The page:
Edwards also operates to treat benign issues of the esophagus, such as acid reflux disease, swallowing problems or other abnormalities, as well as correcting hiatal hernias and providing care for trauma patients. Among younger patients, she operates on collapsed lungs as well as for problems like hyperhydrosis.

“Even though general thoracic surgery may seem to cover only a limited area of the body, there is a great variety in the pathology we see and how it presents,” she said. “I enjoy this practice — especially the way esophageal practice stretches your creativity and demands that you be able to think outside the box. The cases are not always straightforward, which is what I like about surgery in general. Challenges are something I tend to go toward rather than run away from.”

A broad range of experiences and environments over her life and career helped shape the way Edwards approaches her practice today.

Born in Alberta, Canada, to Jamaican parents, she spent most of her youth in Jamaica before heading to the United States for college in 1993. After that, her education and medical training took her to every corner of the country before she settled in the Midwest.

Edwards earned an undergraduate degree from Oakwood College in Huntsville, Ala., then went on to attend Loma Linda School of Medicine in California.

“I had been interested in medicine all my life,” Edwards said. “As a kid, I thought my pediatrician was the greatest person in the world. When I was 11, I wanted to be a pediatrician, but by medical school, I knew I wanted to go into surgery.”

Edwards completed a general surgery residency at Beth Israel Deaconess Medical Center through Harvard, which led her to thoracic surgery and a fellowship at SLU.

Looking back, Edwards considers the approach of individualized medicine and treatment for patients based on their specific cancer profile as having been in its infancy during her training years.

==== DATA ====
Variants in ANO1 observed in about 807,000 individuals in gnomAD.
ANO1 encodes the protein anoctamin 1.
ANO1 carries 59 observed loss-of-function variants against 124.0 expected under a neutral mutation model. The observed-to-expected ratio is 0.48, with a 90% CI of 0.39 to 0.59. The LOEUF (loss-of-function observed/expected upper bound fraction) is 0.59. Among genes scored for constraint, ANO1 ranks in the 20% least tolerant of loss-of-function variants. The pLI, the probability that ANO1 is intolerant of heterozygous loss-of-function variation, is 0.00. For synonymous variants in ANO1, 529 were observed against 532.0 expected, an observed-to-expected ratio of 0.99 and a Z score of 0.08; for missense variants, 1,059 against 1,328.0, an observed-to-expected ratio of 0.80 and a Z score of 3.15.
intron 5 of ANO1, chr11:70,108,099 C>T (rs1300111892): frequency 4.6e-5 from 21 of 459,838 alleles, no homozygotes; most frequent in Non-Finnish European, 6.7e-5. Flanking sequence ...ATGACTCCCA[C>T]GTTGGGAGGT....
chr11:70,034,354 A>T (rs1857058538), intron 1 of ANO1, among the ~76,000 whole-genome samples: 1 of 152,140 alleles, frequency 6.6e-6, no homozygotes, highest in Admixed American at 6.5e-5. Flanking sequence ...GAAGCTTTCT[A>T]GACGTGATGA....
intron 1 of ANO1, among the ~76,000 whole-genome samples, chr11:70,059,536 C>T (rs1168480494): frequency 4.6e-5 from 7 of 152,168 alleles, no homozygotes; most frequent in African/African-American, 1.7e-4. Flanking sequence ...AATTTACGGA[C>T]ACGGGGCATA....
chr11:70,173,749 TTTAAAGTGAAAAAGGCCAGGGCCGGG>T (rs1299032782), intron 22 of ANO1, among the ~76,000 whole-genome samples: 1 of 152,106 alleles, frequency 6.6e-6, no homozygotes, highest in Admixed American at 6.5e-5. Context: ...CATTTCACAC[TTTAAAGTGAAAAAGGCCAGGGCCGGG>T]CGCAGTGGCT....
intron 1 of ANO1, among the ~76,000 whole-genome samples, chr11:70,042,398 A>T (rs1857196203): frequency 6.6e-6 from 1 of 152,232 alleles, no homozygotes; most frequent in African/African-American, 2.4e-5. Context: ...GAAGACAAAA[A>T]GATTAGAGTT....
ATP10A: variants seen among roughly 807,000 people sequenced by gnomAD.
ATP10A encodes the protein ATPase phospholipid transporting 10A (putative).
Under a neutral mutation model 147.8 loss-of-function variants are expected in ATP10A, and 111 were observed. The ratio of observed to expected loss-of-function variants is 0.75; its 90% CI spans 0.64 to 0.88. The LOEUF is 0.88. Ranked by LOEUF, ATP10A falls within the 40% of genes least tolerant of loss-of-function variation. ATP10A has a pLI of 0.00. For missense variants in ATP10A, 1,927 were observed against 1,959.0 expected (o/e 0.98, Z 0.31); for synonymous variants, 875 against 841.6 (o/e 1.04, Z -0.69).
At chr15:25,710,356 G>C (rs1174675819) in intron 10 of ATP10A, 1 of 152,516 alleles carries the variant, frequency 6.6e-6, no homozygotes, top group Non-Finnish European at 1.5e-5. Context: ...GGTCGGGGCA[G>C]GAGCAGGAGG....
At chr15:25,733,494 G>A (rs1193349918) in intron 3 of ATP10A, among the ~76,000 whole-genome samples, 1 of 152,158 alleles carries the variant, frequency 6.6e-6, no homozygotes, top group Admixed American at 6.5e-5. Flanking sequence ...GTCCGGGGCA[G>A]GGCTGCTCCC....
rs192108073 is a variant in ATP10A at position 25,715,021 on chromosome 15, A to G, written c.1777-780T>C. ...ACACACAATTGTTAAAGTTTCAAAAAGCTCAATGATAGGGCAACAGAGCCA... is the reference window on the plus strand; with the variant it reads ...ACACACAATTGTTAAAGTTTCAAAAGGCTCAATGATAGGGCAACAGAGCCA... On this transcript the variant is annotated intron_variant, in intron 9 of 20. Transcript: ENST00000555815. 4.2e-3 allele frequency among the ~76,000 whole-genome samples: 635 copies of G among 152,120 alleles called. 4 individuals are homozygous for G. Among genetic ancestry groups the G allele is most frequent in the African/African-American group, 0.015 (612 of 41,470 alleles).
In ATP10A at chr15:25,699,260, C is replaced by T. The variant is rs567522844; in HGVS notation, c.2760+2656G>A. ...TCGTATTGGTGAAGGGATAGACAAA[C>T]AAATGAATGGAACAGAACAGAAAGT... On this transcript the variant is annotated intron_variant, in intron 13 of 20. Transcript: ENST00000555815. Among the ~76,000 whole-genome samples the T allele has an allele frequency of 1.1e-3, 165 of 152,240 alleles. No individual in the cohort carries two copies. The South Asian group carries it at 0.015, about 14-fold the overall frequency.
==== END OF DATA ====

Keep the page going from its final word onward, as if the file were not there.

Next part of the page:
“That approach was probably just emerging but hadn’t fully blossomed during that time,” she said. “It’s been interesting to watch how things have changed in the years since.

“Today is an exciting time to be in oncology. These are challenging diseases, and the outcomes still aren’t what we would like them to be, in terms of long-term survival for lung and esophageal cancer. But we have a lot more tools today, both on the medical side and on the surgical side.

“Some patients who may not tolerate a more radical approach do quite well with minimally invasive procedures like robotic lobectomy. There’s a great benefit to be had in minimally invasive surgery, and that’s something I feel strongly about.”

Edwards also appreciates the chance to move the field forward by taking part in research. While most of her projects involve pulmonary lung cancer, she is also currently involved in a study to judge the effectiveness of a device designed to improve breathing in ALS patients. The a multi-center clinical trial will test the NeuRx Diaphragm Pacing System, which electrically stimulates the diaphragm muscle in an effort to slow muscle loss that can lead to breathing difficulties.

Edwards brings to the study her experience in having surgically implanted the sensors in ALS patients during her fellowship at Cedars-Sinai.

Outside of her work, Edwards stays active with cycling, swimming and yoga. She also enjoys baking.